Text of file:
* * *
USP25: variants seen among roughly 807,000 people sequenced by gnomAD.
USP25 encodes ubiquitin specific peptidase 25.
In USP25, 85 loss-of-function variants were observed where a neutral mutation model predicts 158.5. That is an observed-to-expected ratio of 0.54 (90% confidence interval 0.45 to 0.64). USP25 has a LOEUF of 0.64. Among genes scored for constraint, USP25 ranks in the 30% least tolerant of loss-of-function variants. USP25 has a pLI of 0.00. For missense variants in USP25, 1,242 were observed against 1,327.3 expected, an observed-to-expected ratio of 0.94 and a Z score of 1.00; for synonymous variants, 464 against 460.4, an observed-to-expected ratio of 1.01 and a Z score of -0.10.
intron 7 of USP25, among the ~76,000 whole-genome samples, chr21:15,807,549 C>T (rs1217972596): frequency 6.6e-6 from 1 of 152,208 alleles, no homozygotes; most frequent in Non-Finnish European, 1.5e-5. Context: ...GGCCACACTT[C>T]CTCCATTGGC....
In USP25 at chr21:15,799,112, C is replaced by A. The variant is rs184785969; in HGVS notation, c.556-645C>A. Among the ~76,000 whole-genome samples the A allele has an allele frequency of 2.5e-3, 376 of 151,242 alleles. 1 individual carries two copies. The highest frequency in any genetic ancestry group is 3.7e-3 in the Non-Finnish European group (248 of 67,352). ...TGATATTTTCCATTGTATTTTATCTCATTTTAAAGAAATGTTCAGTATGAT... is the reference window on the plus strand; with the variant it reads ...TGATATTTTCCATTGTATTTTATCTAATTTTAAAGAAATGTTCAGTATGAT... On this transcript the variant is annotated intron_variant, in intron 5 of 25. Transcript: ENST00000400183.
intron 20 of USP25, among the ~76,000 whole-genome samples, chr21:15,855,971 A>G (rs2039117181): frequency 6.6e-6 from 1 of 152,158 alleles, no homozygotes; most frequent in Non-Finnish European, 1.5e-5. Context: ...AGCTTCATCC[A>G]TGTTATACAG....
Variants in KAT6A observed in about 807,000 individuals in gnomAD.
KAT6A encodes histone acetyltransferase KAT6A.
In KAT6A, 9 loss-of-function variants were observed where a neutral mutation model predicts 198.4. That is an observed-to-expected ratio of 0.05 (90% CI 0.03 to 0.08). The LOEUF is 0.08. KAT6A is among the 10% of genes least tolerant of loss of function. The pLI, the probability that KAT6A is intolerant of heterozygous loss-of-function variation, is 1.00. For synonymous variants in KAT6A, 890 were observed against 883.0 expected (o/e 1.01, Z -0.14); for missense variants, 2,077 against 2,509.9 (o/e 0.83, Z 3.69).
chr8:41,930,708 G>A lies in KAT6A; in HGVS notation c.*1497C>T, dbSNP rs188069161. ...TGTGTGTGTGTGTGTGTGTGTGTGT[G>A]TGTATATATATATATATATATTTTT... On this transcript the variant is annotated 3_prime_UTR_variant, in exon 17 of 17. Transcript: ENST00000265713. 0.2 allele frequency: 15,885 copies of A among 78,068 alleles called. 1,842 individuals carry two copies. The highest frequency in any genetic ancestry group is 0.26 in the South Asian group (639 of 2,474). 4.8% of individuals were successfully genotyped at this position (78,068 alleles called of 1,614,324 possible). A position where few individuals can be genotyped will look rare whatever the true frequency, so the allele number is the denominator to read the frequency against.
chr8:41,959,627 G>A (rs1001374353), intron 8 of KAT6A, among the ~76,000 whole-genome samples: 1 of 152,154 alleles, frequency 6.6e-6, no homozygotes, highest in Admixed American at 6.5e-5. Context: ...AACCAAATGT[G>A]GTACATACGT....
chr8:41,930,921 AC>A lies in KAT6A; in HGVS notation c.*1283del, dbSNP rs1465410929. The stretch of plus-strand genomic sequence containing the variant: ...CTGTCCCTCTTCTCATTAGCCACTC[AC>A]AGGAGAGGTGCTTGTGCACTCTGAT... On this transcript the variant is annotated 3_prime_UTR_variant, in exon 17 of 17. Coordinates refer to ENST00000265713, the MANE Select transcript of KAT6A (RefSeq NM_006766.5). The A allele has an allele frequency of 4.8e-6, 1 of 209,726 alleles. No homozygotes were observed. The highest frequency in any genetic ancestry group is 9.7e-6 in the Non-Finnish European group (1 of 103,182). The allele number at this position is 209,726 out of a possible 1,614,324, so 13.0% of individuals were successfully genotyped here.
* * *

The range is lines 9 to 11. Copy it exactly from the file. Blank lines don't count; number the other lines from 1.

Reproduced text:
In KAT6A, 9 loss-of-function variants were observed where a neutral mutation model predicts 198.4. That is an observed-to-expected ratio of 0.05 (90% CI 0.03 to 0.08). The LOEUF is 0.08. KAT6A is among the 10% of genes least tolerant of loss of function. The pLI, the probability that KAT6A is intolerant of heterozygous loss-of-function variation, is 1.00. For synonymous variants in KAT6A, 890 were observed against 883.0 expected (o/e 1.01, Z -0.14); for missense variants, 2,077 against 2,509.9 (o/e 0.83, Z 3.69).
chr8:41,930,708 G>A lies in KAT6A; in HGVS notation c.*1497C>T, dbSNP rs188069161. ...TGTGTGTGTGTGTGTGTGTGTGTGT[G>A]TGTATATATATATATATATATTTTT... On this transcript the variant is annotated 3_prime_UTR_variant, in exon 17 of 17. Transcript: ENST00000265713. 0.2 allele frequency: 15,885 copies of A among 78,068 alleles called. 1,842 individuals carry two copies. The highest frequency in any genetic ancestry group is 0.26 in the South Asian group (639 of 2,474). 4.8% of individuals were successfully genotyped at this position (78,068 alleles called of 1,614,324 possible). A position where few individuals can be genotyped will look rare whatever the true frequency, so the allele number is the denominator to read the frequency against.
chr8:41,959,627 G>A (rs1001374353), intron 8 of KAT6A, among the ~76,000 whole-genome samples: 1 of 152,154 alleles, frequency 6.6e-6, no homozygotes, highest in Admixed American at 6.5e-5. Context: ...AACCAAATGT[G>A]GTACATACGT....